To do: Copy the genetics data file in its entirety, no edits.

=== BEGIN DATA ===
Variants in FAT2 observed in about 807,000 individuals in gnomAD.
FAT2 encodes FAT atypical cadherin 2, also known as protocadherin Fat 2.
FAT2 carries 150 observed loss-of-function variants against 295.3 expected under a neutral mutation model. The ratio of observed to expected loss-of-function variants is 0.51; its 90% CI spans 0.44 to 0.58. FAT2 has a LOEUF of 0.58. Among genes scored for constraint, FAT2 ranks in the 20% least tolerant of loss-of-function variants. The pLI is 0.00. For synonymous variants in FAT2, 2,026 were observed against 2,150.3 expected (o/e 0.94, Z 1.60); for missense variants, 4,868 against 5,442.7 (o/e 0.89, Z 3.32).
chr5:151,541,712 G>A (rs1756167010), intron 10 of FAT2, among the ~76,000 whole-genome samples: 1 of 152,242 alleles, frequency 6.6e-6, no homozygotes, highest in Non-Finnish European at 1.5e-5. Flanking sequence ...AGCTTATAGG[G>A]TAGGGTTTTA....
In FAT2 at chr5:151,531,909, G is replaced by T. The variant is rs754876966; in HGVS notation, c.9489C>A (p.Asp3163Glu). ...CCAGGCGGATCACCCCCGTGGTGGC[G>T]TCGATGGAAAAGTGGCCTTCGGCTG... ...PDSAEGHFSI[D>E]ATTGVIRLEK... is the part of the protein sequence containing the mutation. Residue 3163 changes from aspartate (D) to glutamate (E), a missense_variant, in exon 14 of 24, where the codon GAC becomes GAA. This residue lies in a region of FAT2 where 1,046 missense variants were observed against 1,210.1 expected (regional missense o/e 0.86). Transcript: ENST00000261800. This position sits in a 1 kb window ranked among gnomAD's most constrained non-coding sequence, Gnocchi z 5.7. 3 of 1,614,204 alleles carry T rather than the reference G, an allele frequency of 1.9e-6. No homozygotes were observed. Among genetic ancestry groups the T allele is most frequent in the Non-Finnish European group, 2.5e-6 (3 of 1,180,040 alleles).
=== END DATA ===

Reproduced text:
Variants in FAT2 observed in about 807,000 individuals in gnomAD.
FAT2 encodes FAT atypical cadherin 2, also known as protocadherin Fat 2.
FAT2 carries 150 observed loss-of-function variants against 295.3 expected under a neutral mutation model. The ratio of observed to expected loss-of-function variants is 0.51; its 90% CI spans 0.44 to 0.58. FAT2 has a LOEUF of 0.58. Among genes scored for constraint, FAT2 ranks in the 20% least tolerant of loss-of-function variants. The pLI is 0.00. For synonymous variants in FAT2, 2,026 were observed against 2,150.3 expected (o/e 0.94, Z 1.60); for missense variants, 4,868 against 5,442.7 (o/e 0.89, Z 3.32).
chr5:151,541,712 G>A (rs1756167010), intron 10 of FAT2, among the ~76,000 whole-genome samples: 1 of 152,242 alleles, frequency 6.6e-6, no homozygotes, highest in Non-Finnish European at 1.5e-5. Flanking sequence ...AGCTTATAGG[G>A]TAGGGTTTTA....
In FAT2 at chr5:151,531,909, G is replaced by T. The variant is rs754876966; in HGVS notation, c.9489C>A (p.Asp3163Glu). ...CCAGGCGGATCACCCCCGTGGTGGC[G>T]TCGATGGAAAAGTGGCCTTCGGCTG... ...PDSAEGHFSI[D>E]ATTGVIRLEK... is the part of the protein sequence containing the mutation. Residue 3163 changes from aspartate (D) to glutamate (E), a missense_variant, in exon 14 of 24, where the codon GAC becomes GAA. This residue lies in a region of FAT2 where 1,046 missense variants were observed against 1,210.1 expected (regional missense o/e 0.86). Transcript: ENST00000261800. This position sits in a 1 kb window ranked among gnomAD's most constrained non-coding sequence, Gnocchi z 5.7. 3 of 1,614,204 alleles carry T rather than the reference G, an allele frequency of 1.9e-6. No homozygotes were observed. Among genetic ancestry groups the T allele is most frequent in the Non-Finnish European group, 2.5e-6 (3 of 1,180,040 alleles).